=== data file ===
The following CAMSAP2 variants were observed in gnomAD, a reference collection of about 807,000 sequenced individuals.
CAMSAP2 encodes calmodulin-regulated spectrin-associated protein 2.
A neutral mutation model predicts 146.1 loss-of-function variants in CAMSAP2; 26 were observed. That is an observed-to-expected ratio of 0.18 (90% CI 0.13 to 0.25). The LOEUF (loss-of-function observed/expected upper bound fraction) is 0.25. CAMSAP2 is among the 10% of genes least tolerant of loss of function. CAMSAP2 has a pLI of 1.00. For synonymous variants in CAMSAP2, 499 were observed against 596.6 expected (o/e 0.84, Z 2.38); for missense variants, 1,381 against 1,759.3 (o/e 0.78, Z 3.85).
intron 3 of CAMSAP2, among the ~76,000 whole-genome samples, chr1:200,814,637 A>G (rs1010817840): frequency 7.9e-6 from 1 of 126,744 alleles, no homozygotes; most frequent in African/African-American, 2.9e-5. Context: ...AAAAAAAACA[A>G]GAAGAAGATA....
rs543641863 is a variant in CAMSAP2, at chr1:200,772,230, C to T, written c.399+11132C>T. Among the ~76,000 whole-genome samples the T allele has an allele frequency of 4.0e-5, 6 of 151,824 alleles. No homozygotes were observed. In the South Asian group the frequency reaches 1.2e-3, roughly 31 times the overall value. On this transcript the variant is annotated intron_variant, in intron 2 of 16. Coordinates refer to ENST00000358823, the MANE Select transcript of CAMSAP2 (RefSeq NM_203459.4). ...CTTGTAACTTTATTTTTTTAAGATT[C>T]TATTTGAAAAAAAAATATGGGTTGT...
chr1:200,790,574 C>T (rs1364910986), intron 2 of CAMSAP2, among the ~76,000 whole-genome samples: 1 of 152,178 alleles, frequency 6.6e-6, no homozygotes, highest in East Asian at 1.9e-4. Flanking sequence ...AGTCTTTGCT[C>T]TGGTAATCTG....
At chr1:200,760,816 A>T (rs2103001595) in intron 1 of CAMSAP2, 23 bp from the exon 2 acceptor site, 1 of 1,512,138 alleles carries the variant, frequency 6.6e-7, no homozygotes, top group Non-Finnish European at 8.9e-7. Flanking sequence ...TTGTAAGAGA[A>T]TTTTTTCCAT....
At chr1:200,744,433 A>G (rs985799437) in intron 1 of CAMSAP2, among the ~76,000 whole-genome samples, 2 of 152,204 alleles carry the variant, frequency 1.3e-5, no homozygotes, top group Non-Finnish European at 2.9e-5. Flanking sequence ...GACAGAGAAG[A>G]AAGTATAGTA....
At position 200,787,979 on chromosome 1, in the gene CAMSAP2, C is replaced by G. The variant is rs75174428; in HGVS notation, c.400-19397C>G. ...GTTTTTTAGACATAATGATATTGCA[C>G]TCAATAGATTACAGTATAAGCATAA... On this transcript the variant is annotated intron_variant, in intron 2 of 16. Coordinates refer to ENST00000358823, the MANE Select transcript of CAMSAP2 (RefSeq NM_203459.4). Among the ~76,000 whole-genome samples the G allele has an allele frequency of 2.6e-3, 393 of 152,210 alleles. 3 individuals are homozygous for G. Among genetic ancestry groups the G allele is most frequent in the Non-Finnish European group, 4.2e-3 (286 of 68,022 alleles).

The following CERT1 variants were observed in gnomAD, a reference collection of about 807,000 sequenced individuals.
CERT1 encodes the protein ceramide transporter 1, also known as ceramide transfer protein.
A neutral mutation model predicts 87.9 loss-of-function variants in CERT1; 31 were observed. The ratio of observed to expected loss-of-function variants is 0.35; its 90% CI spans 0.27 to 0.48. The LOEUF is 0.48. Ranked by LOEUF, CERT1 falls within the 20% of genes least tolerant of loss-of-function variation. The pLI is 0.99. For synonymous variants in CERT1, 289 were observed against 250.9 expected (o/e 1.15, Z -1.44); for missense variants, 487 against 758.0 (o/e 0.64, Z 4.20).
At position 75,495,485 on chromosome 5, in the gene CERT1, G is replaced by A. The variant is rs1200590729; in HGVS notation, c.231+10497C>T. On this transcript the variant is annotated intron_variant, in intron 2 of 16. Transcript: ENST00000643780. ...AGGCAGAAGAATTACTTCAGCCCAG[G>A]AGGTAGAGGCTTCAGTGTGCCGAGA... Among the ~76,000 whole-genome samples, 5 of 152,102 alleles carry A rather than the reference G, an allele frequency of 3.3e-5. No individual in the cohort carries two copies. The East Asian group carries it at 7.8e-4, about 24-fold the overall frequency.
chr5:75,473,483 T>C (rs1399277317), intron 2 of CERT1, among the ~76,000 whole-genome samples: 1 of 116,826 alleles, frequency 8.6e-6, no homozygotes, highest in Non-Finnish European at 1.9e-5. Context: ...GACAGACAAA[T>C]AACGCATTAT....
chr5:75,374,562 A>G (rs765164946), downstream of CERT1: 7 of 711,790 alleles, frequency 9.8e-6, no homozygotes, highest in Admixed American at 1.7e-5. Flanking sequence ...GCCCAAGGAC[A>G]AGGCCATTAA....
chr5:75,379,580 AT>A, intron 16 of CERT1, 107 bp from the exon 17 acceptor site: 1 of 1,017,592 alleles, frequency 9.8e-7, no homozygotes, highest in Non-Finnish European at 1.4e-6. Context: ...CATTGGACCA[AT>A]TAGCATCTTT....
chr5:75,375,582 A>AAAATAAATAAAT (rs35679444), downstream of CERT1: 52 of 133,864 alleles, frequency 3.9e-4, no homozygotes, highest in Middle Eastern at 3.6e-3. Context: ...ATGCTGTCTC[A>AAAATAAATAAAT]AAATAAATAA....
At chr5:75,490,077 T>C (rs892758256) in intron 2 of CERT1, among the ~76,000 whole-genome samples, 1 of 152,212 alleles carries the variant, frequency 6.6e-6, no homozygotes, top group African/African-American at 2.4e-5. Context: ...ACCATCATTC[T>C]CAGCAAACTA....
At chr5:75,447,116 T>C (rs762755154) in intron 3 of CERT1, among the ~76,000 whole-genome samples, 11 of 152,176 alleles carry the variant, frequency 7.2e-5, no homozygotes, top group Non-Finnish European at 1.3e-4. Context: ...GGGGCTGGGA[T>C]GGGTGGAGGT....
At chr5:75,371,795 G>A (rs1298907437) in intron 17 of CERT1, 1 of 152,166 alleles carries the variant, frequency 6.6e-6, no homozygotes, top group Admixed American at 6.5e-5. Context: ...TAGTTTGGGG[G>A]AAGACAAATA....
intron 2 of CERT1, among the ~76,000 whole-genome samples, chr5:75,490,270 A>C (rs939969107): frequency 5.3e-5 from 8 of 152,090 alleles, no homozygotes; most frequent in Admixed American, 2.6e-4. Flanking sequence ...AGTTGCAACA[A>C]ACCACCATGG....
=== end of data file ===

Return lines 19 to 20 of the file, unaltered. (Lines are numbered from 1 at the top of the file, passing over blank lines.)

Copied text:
At chr5:75,447,116 T>C (rs762755154) in intron 3 of CERT1, among the ~76,000 whole-genome samples, 11 of 152,176 alleles carry the variant, frequency 7.2e-5, no homozygotes, top group Non-Finnish European at 1.3e-4. Context: ...GGGGCTGGGA[T>C]GGGTGGAGGT....
At chr5:75,371,795 G>A (rs1298907437) in intron 17 of CERT1, 1 of 152,166 alleles carries the variant, frequency 6.6e-6, no homozygotes, top group Admixed American at 6.5e-5. Context: ...TAGTTTGGGG[G>A]AAGACAAATA....